Firearms raise estate planning issues

William Kain

More than a third of American households have firearms. Consequently, passing on guns to family members and other heirs can constitute an important part of the estate planning process.

As a simple example, take a 60-year-old man who wants to leave his hunting rifles and a few handguns to his beloved grandchild. It might not be enough to simply add to his will the statement: “I leave my hunting rifles and handguns to my grandson, Jake.”

Hunting rifles and most handguns don’t need to be registered at the death of an owner under Colorado law, and can simply be delivered to the beneficiary named in the will if the beneficiary resides in Colorado.

However, the National Firearms Act (NFA) applies special rules and restrictions when an “NFA firearm” owner dies. The definition of “NFA firearm” includes sawed-off shotguns, machine guns, sawed-off rifles, certain handguns, guns with silencers, umbrella guns, knife guns, grenades and other types of extremely dangerous and unusual weapons.

One of the first tasks of an executor carrying out an estate plan is determine whether the firearms should be sold or distributed to a particular heir. It’s best to let a dealer handle any sales. If an executor is going to transfer an NFA firearm to a particular beneficiary, the executor needs to comply with federal requirements.

Consideration also should be given to whether either the executor or beneficiary receiving receiving the firearm is disqualified by law to possess a firearm. Generally, the following persons are disqualified to possess a firearm: anyone who has been convicted of any crime punishable by imprisonment for a term exceeding one year, a fugitive from justice; an unlawful user of controlled substances; someone who’s been adjudicated mentally defective or has been committed to a mental institution; an alien who’s unlawfully in the United States; anyone dishonorably discharged from the armed forces; anyone who has renounced his citizenship; anyone subject to a restraining order from harassing, stalking or threatening an intimate partner; anyone convicted of a misdemeanor crime of domestic violence; and anyone adjudicated as a juvenile for an act that would have been a felony if committed by an adult.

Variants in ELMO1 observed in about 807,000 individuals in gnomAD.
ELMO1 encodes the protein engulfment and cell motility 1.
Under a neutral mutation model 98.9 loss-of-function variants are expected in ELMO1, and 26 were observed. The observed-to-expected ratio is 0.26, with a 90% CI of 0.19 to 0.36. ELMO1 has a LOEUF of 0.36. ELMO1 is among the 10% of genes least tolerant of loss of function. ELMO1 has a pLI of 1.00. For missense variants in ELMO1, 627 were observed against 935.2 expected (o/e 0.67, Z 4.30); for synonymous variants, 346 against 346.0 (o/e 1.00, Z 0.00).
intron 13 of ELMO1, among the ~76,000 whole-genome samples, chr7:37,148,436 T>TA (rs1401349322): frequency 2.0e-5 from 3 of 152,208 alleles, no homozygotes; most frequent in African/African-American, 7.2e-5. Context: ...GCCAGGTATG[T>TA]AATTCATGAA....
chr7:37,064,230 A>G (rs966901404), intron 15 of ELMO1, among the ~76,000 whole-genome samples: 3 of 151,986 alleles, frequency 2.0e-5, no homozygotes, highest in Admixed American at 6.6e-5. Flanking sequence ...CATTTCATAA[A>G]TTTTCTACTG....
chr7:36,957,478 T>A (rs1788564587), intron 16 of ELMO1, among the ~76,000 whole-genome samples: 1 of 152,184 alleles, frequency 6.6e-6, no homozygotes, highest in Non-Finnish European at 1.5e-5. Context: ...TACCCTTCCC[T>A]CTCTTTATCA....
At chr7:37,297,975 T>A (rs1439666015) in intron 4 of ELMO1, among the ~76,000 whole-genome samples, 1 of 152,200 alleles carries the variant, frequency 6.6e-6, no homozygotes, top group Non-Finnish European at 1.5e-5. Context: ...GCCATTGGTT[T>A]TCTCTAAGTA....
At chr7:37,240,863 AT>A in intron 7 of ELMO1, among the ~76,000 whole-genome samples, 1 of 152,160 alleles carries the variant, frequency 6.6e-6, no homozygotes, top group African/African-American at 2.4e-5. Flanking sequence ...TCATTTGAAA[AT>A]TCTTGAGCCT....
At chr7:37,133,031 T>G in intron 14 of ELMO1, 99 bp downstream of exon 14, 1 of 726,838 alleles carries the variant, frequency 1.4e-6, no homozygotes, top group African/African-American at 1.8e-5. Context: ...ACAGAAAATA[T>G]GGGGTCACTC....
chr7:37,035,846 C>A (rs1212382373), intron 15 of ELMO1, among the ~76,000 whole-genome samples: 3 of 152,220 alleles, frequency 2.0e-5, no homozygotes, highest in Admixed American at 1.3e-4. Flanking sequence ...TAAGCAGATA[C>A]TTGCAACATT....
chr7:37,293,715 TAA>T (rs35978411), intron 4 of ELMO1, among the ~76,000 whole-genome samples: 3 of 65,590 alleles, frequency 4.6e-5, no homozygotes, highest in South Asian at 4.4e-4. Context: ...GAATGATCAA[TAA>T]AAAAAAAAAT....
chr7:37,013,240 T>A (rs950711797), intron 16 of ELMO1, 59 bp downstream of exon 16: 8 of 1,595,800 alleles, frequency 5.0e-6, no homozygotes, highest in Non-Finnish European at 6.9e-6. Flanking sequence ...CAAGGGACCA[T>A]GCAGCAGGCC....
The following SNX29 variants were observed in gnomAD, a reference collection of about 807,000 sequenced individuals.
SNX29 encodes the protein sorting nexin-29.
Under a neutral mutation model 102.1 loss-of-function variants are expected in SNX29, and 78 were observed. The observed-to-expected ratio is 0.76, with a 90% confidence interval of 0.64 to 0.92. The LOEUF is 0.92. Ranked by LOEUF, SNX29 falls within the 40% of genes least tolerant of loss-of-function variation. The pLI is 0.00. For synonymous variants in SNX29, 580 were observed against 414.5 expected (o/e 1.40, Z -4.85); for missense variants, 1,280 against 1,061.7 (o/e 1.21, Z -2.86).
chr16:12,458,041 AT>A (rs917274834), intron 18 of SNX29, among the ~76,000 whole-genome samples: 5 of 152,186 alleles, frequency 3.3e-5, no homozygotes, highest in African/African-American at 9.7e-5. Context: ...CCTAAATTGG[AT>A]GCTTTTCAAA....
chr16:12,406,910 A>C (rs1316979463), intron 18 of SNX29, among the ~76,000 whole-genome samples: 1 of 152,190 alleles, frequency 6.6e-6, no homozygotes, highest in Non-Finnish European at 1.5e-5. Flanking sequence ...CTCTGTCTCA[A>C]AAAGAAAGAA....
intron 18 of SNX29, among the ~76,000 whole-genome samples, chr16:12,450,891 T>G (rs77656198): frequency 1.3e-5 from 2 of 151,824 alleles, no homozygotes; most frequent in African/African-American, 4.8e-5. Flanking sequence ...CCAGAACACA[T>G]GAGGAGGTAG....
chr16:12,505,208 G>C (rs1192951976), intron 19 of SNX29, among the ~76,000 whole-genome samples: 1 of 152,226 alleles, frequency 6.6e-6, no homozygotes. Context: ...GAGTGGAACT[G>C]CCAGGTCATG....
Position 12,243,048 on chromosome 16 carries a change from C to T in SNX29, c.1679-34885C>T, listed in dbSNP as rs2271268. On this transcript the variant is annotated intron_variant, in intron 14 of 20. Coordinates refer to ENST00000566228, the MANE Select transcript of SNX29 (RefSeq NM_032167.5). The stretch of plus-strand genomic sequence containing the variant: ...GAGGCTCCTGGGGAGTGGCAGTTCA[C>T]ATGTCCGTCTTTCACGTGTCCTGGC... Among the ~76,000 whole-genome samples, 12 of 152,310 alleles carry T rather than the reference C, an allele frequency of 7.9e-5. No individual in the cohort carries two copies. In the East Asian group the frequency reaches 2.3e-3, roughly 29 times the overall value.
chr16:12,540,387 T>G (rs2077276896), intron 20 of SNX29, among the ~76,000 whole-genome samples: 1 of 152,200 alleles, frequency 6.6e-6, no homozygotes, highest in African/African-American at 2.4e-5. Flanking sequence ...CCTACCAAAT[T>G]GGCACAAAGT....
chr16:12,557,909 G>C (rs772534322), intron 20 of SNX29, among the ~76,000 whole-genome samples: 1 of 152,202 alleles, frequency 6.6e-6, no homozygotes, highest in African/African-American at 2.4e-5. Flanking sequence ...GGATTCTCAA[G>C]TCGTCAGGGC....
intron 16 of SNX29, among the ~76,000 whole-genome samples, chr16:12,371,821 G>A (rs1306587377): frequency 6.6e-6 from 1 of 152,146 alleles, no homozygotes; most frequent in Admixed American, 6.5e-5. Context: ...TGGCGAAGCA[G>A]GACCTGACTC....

In addition to federal law, several state gun laws also affect estate planning and execution. State law requires background checks for most private transfers of firearms. The law doesn’t apply to a transfer of a firearm at death by an executor or trustee under a will. It isn’t clear whether the State Legislature intended to leave out a trustee of a living trust as an exempt transferor at death.

A newly enacted state law prohibiting large-capacity magazines applies to firearms transferred at death. How an executor should dispose of an illegal magazine is not made clear by the statute.

Still other state laws also could apply.  The following are illegal in Colorado: firearm silencers, machine guns, short shotguns, short rifles, ballistic knives, blackjacks, gas guns, metallic knuckles, gravity knives and switchblade knives. It is also illegal to possess a defaced firearm. Moreover, it’s illegal under state law for a juvenile under the age of 18 years to possess a handgun.

There are substantial penalties for violating federal and state firearms laws. If an executor were to transfer a firearm to a person ineligible to possess a firearm, the executor has committed a felony.

The above offers only a brief summary of federal and state laws and isn’t intended as specific legal advice. Nor does this cover every applicable law. Anyone planning or settling an estate, especially where firearms are involved, should consult with a qualified estate planning attorney.